Saturday, October 1, 2011

Bedi & Richards - What Men Want From Psychotherapy

GoodTherapy.org posted this brief research review of a new study that looks at what men want and seek from psychotherapy. The study found that the most important qualities in creating the therapeutic alliance with male clients are "Formal Respect, Client Responsibility, Practical Help, and Bringing out the Issues."

These are all very external qualities, about the relationship and solution-oriented approaches and not about healing original wounding as is part of the psychodynamic approach. Yet this is not my experience of all the men I work with - some are certainly in line with this, but others are willing and wanting to do the deeper work.

What Men Want From Psychotherapy

September 30th, 2011 

A News Headline:

Men are much less likely to seek clinical help for their psychological issues than women. Because they hold to traditional male gender roles, most men do not respond to psychotherapy delivered in a generic approach, most often welcomed and received positively by women. “Practitioners who are accustomed to working in androgynous environments may fail to fully grasp the foreign nature of psychotherapy to men who hold “traditional” North American masculine gender role beliefs,” said Robinder P. Bedi and Mica Richards of Western Washington University, authors of a new study exploring what approaches provide the best outcome for men in psychotherapy. “Understanding the perspective of men and further appreciating the impact of gender role socialization on alliance formation will enable psychotherapists to provide improved mental health services to men, a group that appears to be less well served than women by conventional psychotherapy practices.”

The researchers evaluated 37 male clients who were entering therapy for stress, anxiety, substance use, trauma and depression. They found the factors that were most important for the development of a healthy client-therapist alliance for the men were Formal Respect, Client Responsibility, Practical Help and Bringing out the Issues. “Bringing out the Issues (labeled using the language of the men in the study) emerged as a key category in understanding the perspective of men on the therapeutic alliance,” said the researchers. “It was the largest category, found to be statistically significantly more helpful and understood than all other categories except Client Responsibility and Formal Respect.” The team emphasized that clinicians who wish to achieve a positive outcome with their male clients should understand this fundamental difference between men and women in treatment. They added, “In developing a therapeutic alliance with a typical man, it seems important to balance conventional relationship-building techniques, such as empathy, paraphrases, normalization, and validation, with asking questions and providing suggestions.”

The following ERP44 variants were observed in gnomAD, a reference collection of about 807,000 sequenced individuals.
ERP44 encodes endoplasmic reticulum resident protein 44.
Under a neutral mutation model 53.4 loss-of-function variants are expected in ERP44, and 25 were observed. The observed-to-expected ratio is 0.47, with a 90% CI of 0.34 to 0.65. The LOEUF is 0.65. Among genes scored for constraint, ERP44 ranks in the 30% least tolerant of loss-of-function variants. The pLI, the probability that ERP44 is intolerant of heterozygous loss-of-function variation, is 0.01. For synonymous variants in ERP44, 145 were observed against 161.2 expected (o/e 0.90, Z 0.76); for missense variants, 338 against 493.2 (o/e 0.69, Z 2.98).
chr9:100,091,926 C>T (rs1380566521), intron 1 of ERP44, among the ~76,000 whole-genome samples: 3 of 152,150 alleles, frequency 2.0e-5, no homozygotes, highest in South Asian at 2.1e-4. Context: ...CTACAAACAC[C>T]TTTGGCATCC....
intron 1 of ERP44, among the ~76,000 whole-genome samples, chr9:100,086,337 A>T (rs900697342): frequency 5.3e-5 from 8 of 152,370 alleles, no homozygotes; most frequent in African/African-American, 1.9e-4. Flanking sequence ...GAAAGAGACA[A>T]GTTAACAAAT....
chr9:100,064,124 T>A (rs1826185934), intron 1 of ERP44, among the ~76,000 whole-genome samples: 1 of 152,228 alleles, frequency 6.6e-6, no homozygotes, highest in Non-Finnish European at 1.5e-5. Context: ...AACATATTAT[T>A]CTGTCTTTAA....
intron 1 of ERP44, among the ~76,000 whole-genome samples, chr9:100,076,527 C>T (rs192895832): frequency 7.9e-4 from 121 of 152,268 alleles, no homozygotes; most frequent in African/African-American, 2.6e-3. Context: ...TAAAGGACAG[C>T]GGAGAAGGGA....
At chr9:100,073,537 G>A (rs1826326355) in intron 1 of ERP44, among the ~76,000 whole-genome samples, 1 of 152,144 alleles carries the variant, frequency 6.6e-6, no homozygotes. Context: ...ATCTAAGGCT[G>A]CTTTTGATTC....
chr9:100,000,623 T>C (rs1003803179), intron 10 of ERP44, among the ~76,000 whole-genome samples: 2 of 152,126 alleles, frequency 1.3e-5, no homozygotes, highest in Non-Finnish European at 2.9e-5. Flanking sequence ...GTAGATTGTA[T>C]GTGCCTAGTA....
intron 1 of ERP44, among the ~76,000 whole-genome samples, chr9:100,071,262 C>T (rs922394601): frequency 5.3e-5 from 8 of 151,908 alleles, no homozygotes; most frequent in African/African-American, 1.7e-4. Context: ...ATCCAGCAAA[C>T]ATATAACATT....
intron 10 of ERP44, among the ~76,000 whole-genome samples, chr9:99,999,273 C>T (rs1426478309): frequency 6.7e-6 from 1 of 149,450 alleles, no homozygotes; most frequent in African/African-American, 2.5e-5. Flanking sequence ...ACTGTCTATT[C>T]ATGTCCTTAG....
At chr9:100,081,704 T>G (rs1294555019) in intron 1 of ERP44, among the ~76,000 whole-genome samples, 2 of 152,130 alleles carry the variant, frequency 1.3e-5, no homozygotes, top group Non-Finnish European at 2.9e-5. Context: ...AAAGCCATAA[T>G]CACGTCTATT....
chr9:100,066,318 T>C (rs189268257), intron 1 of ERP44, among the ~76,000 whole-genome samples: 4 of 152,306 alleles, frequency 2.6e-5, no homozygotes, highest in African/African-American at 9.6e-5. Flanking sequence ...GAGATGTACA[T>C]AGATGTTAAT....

Bedi, R. P., & Richards, M. (2011, May 23). What a Man Wants: The Male Perspective on Therapeutic Alliance Formation. Psychotherapy: Theory, Research, Practice, Training. Advance online publication. doi: 10.1037/a0022424

What a man wants: The male perspective on therapeutic alliance formation.
Although the link between client ratings of therapeutic alliance quality and psychotherapy outcome has been well established by previous research, there is still much to be done to clarify what variables are important to clients, particularly men, in the formation of an alliance. Thirty-seven male clients currently undergoing psychotherapy categorized 74 critical incidents for alliance formation in an open-ended manner on the basis of self-perceived relatedness. Multivariate concept-mapping statistical techniques were used to identify the typical way in which the participants conceptualized variables that are important to alliance formation. Nine categories of variables were identified (Bringing out the Issues, Nonverbal Psychotherapist Actions, Emotional Support, Formal Respect, Practical Help, Office Environment, Information, Client Responsibility, and Choice of Professional). Bringing out the Issues emerged as the highest rated and most consistently understood category across the men in this study. The results of this study add to a small but growing body of research on the client's perspective of alliance formation and provide an initial conceptual model of how men understand the variables of common alliance formation. The developed model also provides several hypotheses, which are presented for verification in future research and clinical practice.

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